Fundamental and technical analysis are two major schools of thought when it comes to approaching the markets. Investors and traders use both to research and forecast future securities prices. Like any investment strategy or philosophy, both have advocates and adversaries.

The debate over the relative merits of fundamental and technical analysis is a contentious one. Investors and traders alike often miss out when they pick one over the other. In fact, both can be combined effectively.


Fundamental Analysis

Fundamental analysis is a method of evaluating stocks and determining their intrinsic value. Fundamental analysts study everything from the overall economy and industry conditions to the financial strength and management of individual companies. Earnings, expenses, assets, and liabilities all come under scrutiny by fundamental analysts.

Although the value is ultimately an opinion, relatively undervalued companies can outperform over the long term. Fundamental analysis can also be applied to other markets including currencies and commodities. In that case, any factors that affect the value of the asset are considered.


Technical Analysis

Differs from fundamental analysis, traders attempt to identify opportunities by looking at statistical trends, such as movements in a stock's price and volume data. The core assumption is that all known fundamentals are factored into price, thus there is no need to pay close attention to them.

The objective is not to predict the future or to measure a security's intrinsic value, but to identify the most likely scenarios. Price action is used as an indication of how market participants have acted in the past, identify patterns, and suggest how they may act in the future.

Popular technical analysis signals include simple moving averages, support and resistance levels, trendlines and momentum indicators.


Understanding Picking Strategy

Fundamental Analysis

Many investors who want to evaluate long-term investment decisions start with a fundamental analysis of a company, an individual stock, or the market as a whole. For example, a trader might review Crude Oil Inventories to form an assumption about whether the oil market supply will increase or decrease in the future, causing the price of Crude Oil to move up or down in the future. This trader might choose to buy oil now with the assumption that prices will move higher based on his fundamental analysis from the inventories report.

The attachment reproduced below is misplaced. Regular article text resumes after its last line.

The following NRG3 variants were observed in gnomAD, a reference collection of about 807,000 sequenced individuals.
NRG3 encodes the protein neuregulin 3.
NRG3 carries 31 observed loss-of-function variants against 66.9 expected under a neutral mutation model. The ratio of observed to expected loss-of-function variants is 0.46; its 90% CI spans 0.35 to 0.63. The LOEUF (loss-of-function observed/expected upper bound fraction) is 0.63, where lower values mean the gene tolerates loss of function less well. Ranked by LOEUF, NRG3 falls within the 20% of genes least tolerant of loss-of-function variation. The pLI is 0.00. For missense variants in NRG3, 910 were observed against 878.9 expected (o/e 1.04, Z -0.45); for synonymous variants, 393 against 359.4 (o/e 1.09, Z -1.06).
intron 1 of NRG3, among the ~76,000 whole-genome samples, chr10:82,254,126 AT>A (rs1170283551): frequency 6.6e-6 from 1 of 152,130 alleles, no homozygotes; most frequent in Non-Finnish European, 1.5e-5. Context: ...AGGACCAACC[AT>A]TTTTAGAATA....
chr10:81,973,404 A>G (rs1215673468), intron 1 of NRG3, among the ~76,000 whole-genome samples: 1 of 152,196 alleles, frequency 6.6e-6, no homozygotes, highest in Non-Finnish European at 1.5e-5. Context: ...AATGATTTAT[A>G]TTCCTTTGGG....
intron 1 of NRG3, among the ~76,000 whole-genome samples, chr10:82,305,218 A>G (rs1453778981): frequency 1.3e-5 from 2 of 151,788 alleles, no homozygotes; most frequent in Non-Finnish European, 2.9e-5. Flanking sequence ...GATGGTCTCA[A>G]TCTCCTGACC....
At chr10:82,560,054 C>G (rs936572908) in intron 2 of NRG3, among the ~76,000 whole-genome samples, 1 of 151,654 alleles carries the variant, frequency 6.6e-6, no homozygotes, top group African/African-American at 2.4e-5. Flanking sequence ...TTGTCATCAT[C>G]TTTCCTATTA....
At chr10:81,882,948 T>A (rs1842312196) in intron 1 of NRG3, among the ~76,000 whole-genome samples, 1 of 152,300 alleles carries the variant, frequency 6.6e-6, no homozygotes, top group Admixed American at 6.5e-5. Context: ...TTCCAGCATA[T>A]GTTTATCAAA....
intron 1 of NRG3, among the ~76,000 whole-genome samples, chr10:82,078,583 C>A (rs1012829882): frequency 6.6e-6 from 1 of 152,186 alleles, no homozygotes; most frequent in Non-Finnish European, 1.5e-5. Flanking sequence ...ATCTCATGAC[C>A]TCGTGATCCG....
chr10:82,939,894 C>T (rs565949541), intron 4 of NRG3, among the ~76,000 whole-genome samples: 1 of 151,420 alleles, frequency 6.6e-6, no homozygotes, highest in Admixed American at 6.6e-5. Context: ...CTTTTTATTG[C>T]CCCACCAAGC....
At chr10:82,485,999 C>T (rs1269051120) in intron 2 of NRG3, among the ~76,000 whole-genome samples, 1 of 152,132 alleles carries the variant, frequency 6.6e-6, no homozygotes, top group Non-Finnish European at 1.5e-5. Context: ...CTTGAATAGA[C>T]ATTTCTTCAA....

To perform a fundamental analysis, investors will review a company's financial statements, historical data, investor conference calls, press releases, analyst reports, and analyst estimates. Apart from that, investors also analyse broader scope of the stock market to review political and economic factors, including the overall strength of the economy and specific industry sector conditions.

Technical Analysis

Analysts and investors use data on market activity such as historical returns, stock prices, and volume of trades to chart patterns in securities movement. While fundamental analysis attempts to show the intrinsic value of a security or specific market, technical data is meant to provide insight on the future activity of securities or the market as a whole. Investors and analysts who use technical analysis feel strongly that future performance can be determined by reviewing patterns based on past performance data.

Technical analysis uses patterns on a chart created by price to determine where the market is moving. The movement of price is tracked on charts with various indicators or patterns to help determine where price is going to move next. Technical analysis uses the visual representation of price to help illustrate where price is and where it may move in the future.

Popular technical analysis signals include simple moving averages, support and resistance levels, trendlines and momentum indicators. (We at Golden Brokers Limited also had discussed on some of these indicators and can be read on our Blog section).


Using Fundamental and Technical Analysis Together

While each form of analysis relies on different data and different assumptions, since they are both referencing the same market the information provided can be used together to build a more complete analysis and a bigger picture view of the market you want to trade.

Fundamental analysis is most often used when determining the quality of long-term investments in a wide array of securities and markets, while technical analysis is used more in the review of short-term investment decisions such as active trading of stocks or currencies.